Headaches and migraines run in Erin’s family, so it was no surprise when her daughter began to complain of headaches. When Rachel started missing school and had used up Erin’s bag of tricks for relief, it was time to get Rachel some expert help. Rachel was referred to The Pain Center at Mary Free Bed Rehabilitation Hospital by her pediatrician for treatment of chronic tension headaches.
Erin recalls how kind and wonderful the staff at The Pain Center was to her daughter. Rachel embraced the program and seamlessly integrated the principles of it into her life. She’s now headache free and a freshman at Michigan State University where she passes on to her stressed-out fellow students the information she learned through the Headache Program. Rachel’s story had a fast and happy ending.
But during the time Rachel was receiving holistic and non-invasive treatment at The Pain Center, Erin was suffering greatly from headaches – as well as suffering from the treatment. She wondered why her own doctors weren’t referring her to The Pain Center.
Debilitating pain leads to life on meds
Erin also began getting headaches in her teen years, specifically migraines without aura, but it was in 2005 − about the same time her daughter was being treated at The Pain Center − that her migraines became so debilitating the quality of her life deteriorated.
However, Erin trusted her doctors and was determined to do whatever her medical professionals prescribed.
“First, I was trying working with my MD,“ Erin said. “Then we tried a neurologist. I saw him for a year, and he did nothing but prescribe me a new drug every month or two. It was really pretty awful.”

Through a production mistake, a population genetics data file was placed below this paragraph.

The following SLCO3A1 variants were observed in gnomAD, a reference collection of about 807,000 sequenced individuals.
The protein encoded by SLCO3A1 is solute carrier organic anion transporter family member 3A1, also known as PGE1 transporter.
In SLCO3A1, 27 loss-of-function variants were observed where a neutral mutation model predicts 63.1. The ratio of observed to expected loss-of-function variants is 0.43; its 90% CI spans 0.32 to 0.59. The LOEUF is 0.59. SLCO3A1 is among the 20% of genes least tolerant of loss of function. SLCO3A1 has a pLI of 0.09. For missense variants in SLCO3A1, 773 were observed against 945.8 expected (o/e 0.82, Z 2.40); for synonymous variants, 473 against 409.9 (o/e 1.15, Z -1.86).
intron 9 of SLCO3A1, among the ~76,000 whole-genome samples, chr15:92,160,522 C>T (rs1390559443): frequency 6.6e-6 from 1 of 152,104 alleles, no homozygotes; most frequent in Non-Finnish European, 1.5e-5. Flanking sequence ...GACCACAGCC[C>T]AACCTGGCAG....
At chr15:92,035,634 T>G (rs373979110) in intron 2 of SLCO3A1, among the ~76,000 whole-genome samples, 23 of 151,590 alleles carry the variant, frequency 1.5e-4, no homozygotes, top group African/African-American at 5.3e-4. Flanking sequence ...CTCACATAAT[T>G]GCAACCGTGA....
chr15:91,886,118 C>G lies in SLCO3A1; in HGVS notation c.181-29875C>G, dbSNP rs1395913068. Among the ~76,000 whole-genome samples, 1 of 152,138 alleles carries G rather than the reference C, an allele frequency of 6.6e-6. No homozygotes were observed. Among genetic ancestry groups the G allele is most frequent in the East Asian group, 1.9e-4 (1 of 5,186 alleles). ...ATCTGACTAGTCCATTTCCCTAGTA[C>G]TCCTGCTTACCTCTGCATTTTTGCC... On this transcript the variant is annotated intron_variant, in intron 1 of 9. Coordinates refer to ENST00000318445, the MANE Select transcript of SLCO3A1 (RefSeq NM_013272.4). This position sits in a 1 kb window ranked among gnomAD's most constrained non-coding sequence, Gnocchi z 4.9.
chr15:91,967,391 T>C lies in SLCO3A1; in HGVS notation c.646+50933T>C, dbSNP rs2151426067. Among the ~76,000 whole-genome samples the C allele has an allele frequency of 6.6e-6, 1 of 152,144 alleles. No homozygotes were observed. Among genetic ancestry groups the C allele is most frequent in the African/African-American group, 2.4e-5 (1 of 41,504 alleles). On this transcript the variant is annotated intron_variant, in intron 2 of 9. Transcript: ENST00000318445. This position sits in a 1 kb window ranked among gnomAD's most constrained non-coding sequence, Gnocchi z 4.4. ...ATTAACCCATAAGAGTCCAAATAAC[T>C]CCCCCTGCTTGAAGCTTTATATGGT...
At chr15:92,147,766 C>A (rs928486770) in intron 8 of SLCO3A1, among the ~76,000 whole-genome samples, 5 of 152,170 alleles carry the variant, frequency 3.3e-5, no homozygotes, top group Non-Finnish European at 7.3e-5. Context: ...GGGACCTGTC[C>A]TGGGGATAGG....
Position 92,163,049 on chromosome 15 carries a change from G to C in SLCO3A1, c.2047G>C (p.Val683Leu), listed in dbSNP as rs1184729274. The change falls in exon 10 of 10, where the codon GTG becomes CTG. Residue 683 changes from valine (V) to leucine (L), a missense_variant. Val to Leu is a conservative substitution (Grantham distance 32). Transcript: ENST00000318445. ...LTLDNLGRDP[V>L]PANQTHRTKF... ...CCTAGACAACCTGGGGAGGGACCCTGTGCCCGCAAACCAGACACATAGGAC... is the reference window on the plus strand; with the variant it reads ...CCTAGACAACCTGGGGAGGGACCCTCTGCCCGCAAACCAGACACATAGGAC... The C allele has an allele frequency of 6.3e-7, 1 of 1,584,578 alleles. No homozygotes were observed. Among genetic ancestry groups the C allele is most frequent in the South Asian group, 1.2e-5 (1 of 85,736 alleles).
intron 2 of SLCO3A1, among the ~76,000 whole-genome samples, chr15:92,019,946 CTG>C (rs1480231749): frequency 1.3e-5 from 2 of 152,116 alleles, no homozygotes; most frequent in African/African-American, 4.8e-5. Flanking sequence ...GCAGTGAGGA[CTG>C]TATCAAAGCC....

Desperate for pain relief, Erin continued to trial medications, a journey that lasted about 5 years. She had preventative medications as well as rescue meds for when the pain was dire – all with side effects.
“I know at one point I was on something, I don’t remember what it was, but it honestly made me stupid. I remember telling my kids ‘I’m sorry. It’s these meds I’m on. I can’t remember anything. But if it helps my migraines, I’m going to be on it for the rest of my life, and you’re just going to have to be patient with me.’”
Erin became alarmed when she found herself on anti-seizure medication and underwent a lumbar puncture to test the pressure in her head. As a last resort, Erin agreed to Botox injections in her forehead and temples. She can laugh about the experience now, describing how peculiar it was not to be able to move her eyebrows.
Depression and inactivity set in
In addition to the physical side effects of the medications, Erin recalls being very depressed during this time of chronic and crushing pain.
“I felt bad about my relationship with my daughters. I was practically an invalid. I didn’t want (my daughters) to have a mom who’s an invalid. I didn’t want them to remember me that way. I didn’t want them to have to take care of me or be considerate of me. I wanted them to be inconsiderate and take me for granted, you know, like happy kids do.”
During the 5 years of Erin’s debilitating headaches, her life was on hold. Eventually, Erin was able to function through some of her pain, but she was careful to monitor what she thought were all her headache triggers – being at the movies, loud noises, working on the computer – because nearly all stimuli would bring on a migraine.